Today was an excellent finish to the weekend. My original plan was to go as far as Cromer, but on consultation over game pie in the pub, we decided that that plan lacked ambition, so settled on Sheringham as the day’s destination.
It was an absolutely glorious morning, and we worked up an appetite for breakfast by taking a brief detour to the ruined Cluniac Priory at Bacton. The sky was vivid blue, enhancing the white stone of the ruined Romanesque building. We couldn’t get very close, as it is on private land, but the old gatehouse was accessible. The local architecture relies very heavily on walling of flint cobbles, and the gatehouse and surrounding cottages were largely constructed of this, with stone or brick quoins.
We set out along the beach around 9.45 am. The tide had not fully retreated, and as the coast is very uneven in the amount of erosion that has taken place, there were points when we were dashing across the sea wall between waves – not always successfully. I got a good shower at one point.
What I had taken yesterday to be many different types of stone on the beach turned out to be almost all flint, in various states of erosion. I did not know that flint could come in so many different shapes and shades, having assumed it would all be shades of black and white. Tom was hoping to find some amber, which apparently is not uncommon on this coast, but had no luck. The cliffs were climbing in height to a couple of hundred feet, mainly of very soft sand and clay with frequent landslips.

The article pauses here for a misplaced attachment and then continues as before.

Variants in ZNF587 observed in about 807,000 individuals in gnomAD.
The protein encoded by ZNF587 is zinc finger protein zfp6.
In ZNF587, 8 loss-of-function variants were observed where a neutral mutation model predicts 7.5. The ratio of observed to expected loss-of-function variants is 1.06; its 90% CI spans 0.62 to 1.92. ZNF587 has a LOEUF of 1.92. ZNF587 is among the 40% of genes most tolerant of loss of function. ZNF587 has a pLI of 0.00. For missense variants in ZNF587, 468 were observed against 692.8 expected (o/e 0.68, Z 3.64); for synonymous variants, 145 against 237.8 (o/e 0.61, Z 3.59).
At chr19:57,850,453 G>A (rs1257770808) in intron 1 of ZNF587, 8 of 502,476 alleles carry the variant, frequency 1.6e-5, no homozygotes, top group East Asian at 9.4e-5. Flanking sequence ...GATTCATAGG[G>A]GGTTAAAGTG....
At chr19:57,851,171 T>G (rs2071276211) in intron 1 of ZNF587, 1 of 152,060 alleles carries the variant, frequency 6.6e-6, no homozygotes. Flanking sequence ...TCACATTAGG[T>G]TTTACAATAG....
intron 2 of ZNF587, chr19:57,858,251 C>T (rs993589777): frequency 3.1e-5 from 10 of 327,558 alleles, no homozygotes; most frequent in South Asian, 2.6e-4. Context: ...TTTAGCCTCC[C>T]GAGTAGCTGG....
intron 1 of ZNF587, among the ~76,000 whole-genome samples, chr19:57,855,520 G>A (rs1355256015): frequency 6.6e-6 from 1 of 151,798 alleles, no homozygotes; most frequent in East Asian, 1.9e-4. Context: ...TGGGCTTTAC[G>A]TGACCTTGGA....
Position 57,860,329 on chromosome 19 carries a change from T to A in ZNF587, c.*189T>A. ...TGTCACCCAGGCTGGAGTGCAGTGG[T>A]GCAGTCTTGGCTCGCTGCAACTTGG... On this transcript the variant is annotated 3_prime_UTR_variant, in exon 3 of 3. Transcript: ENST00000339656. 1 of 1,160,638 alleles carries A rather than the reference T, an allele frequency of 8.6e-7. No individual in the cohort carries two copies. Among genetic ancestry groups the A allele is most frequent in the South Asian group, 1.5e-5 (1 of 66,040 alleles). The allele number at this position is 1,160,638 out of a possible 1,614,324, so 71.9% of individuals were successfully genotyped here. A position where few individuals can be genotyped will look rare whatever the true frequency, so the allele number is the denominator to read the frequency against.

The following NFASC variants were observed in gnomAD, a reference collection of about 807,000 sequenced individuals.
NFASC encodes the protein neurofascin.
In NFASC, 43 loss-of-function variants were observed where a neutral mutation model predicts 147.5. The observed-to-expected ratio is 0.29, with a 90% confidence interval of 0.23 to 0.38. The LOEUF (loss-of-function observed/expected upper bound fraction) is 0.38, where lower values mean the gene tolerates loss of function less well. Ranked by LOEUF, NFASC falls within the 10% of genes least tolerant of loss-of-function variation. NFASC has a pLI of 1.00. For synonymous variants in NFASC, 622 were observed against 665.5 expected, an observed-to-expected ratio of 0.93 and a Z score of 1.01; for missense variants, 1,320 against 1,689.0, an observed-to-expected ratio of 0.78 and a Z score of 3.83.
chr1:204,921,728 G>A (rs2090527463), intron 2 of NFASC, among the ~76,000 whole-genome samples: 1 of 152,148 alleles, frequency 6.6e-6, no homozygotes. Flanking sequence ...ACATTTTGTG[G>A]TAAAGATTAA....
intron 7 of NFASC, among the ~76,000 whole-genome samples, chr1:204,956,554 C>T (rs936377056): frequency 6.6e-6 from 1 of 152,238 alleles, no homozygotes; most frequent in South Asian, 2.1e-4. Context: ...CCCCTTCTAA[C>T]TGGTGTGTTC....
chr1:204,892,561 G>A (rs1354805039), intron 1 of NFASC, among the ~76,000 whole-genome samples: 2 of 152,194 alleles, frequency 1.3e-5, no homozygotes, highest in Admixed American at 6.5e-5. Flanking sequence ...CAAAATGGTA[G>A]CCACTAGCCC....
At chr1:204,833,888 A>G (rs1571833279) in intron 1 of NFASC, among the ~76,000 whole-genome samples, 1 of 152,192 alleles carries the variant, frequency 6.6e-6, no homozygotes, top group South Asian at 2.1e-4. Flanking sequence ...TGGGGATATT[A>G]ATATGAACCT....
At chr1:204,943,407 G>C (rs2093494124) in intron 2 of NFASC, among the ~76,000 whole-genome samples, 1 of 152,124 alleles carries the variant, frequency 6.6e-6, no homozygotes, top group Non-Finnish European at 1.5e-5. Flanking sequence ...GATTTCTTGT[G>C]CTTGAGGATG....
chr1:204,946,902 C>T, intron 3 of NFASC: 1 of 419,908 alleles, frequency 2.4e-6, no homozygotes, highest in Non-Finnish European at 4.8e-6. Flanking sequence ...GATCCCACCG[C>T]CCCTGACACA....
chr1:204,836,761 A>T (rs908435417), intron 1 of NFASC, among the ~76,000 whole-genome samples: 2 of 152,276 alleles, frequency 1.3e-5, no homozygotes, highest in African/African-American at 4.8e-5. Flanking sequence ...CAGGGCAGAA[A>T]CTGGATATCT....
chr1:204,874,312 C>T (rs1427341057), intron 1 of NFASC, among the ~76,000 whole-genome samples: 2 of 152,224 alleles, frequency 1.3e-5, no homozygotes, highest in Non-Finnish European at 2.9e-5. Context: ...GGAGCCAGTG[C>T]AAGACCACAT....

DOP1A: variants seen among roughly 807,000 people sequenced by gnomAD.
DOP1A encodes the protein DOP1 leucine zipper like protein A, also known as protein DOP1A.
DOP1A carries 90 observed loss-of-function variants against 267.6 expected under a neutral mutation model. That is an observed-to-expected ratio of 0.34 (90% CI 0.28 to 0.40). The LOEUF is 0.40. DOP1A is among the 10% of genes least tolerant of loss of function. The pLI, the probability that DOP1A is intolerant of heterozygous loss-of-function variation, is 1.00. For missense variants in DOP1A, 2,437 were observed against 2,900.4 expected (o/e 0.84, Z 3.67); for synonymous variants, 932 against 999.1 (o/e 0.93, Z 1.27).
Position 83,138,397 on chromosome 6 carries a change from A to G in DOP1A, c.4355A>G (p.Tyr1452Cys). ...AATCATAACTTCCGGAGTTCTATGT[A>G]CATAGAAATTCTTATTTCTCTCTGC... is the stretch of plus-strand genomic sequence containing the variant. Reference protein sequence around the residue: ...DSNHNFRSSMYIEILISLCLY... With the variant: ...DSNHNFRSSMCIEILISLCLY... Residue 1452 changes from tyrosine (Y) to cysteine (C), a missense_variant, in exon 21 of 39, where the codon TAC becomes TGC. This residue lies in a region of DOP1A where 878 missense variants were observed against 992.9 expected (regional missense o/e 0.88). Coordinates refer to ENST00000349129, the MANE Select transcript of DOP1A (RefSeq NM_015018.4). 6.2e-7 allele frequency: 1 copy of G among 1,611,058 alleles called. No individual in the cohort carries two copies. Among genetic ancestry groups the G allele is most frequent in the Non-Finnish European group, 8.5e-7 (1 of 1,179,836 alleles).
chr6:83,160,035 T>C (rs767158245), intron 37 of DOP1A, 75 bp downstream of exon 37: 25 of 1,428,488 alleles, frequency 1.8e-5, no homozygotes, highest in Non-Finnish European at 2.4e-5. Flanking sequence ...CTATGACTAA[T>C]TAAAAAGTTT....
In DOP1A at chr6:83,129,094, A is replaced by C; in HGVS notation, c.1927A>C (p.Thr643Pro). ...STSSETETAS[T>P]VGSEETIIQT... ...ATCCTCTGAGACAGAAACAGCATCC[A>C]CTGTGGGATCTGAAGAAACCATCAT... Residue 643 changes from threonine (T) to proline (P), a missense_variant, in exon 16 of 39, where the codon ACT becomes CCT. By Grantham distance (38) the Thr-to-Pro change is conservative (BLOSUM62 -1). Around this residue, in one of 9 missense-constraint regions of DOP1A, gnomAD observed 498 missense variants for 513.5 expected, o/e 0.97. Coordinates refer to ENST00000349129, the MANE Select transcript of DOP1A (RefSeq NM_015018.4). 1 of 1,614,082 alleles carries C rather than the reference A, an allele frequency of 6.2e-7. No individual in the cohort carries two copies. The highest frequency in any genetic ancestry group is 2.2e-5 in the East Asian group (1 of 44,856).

There were various types of groins, one sort being built in a type of zig-zag, known in East Anglia, Tom informs me as “crinkle-crankle”. What a marvellous new word – I shall be looking out for opportunities to use it in conversation.
There were lots of people and dogs about. I have noticed that everyone in Norfolk seems to have at least two dogs – the one dog family was rare.
We saw some turnstones, a couple of oyster catchers and a bar-tailed godwit, but not many birds overall, not even many seagulls.
The sun was out and the wind remained light, and from the west so it was very pleasant. At one point we had to scramble round some very soft clay-ey rocks, much to the detriment of boots and trousers, but the walk was not demanding. A sandwich of the famous Cromer crabs was had in Overstrand, just to the east of Cromer, accompanied by excellent Norfolk Apple juice, then a brief stroll took us to the prom at Cromer. Cromer is a very traditional sea-side town – early nineteenth century housing on the cliff tops and a pier from the early twentieth century. There were plenty of traditional sea-side venues and just enough wind to make sure of red faces.
We passed the Beeston Bump, at 207 feet the highest point on the Norfolk coast, just before arriving in Sheringham in time for the 17.42 train to Norwich. A delightful 14.75 miles, which has taken me well over 800 in total.